Buddha was asked, “What have you gained from meditation?” 

He replied, “Nothing.”

“However,” Buddha said, “let me tell you what I’ve lost: anger, anxiety, depression, insecurity, fear of old age and death.”

Although Christianity and Buddhism are miles apart when it comes to ultimate truth, Jesus and the Buddha said many things that are compatible.  Letting go or detaching, for example.  A rich man came up to Jesus and asked what he needed to do to enter the Kingdom of God.  Jesus asked him if he had kept the commandments, and he answered yes.  Jesus then said, “One thing more.  Go, sell all you have, give it to the poor and follow me.”  The man went away sorrowful, because he was more attached to his wealth than he was to Jesus. 

The Buddha taught that we suffer, because we get attached to things and hold on to them “for dear life.”  “Take the Bears, for example,” the Buddha might say.”  You’re sitting on the fifty yard line in Soldier Field, it’s a beautiful October day, magnificent athletes are performing on the field, you are with friends, but you are so attached to winning that if they lose, your disappointment overshadows all that other good stuff.”

I’m not sure that’s what the Buddha would say, of course, but letting go of things we grasp for and hold on to tightly is the cause of a lot of suffering.

One time I went canoeing with a friend.  After parking the car, I was carrying my 70 lb. aluminum canoe to the river when my friend asked me to carry the pack he had just picked up.  “You have to be kidding,” I protested.  “I’m already carrying this heavy, cumbersome load and you’re asking me to add another 30 lbs.!”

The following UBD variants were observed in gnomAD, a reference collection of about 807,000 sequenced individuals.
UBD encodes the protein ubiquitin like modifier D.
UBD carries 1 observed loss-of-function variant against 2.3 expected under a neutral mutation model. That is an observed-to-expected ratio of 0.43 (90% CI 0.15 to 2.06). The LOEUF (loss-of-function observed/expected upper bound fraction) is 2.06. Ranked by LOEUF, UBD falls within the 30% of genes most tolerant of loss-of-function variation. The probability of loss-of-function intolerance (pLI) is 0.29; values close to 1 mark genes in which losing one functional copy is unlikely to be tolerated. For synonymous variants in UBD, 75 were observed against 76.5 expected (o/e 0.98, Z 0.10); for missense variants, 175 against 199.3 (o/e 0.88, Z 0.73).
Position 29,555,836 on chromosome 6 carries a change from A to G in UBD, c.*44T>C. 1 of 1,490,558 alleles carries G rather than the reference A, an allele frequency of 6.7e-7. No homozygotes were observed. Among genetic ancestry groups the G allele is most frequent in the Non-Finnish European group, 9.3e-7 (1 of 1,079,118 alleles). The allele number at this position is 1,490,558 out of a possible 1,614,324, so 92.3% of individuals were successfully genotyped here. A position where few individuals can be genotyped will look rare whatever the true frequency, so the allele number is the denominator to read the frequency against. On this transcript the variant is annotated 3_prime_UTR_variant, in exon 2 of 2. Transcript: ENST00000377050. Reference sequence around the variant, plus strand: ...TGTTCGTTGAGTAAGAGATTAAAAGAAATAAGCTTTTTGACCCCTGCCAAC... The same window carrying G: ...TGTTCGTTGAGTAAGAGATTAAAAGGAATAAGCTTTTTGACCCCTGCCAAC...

He laughed and said, “No.  I meant I’ll carry the canoe the rest of the way and you carry the pack.”

When we think of religion as asking us to take on even more commitments and responsibilities than we already have, religion can feel like a burden instead of being liberating.  Both the Buddha and Jesus would agree, I think, that if you do a spiritual cost/benefit analysis of what they are asking us to do, we are losing a lot more of a load than we are taking on. 

That’s why religion at its best is liberating.  It asks us, “Why the hell [pun intended] are you carrying all that junk around when you know damn well [pun intended] that you can’t take it with you?  Why do you strive so fiercely for trophies which the people who really love you could care less about?”

I’ll be in Thailand in just eight days.  When I’m in Chiang Mai I intend to go to a quiet neighborhood Buddhist temple, sit under a Bodhi Tree, and listen to Jesus say, “Come to me, all you that are weary and are carrying heavy burdens, and I will give you rest.  Take my yoke upon you, and learn from me; for I am gentle and humble in heart, and you will find rest for your souls.  For my yoke is easy, and my burden is light.”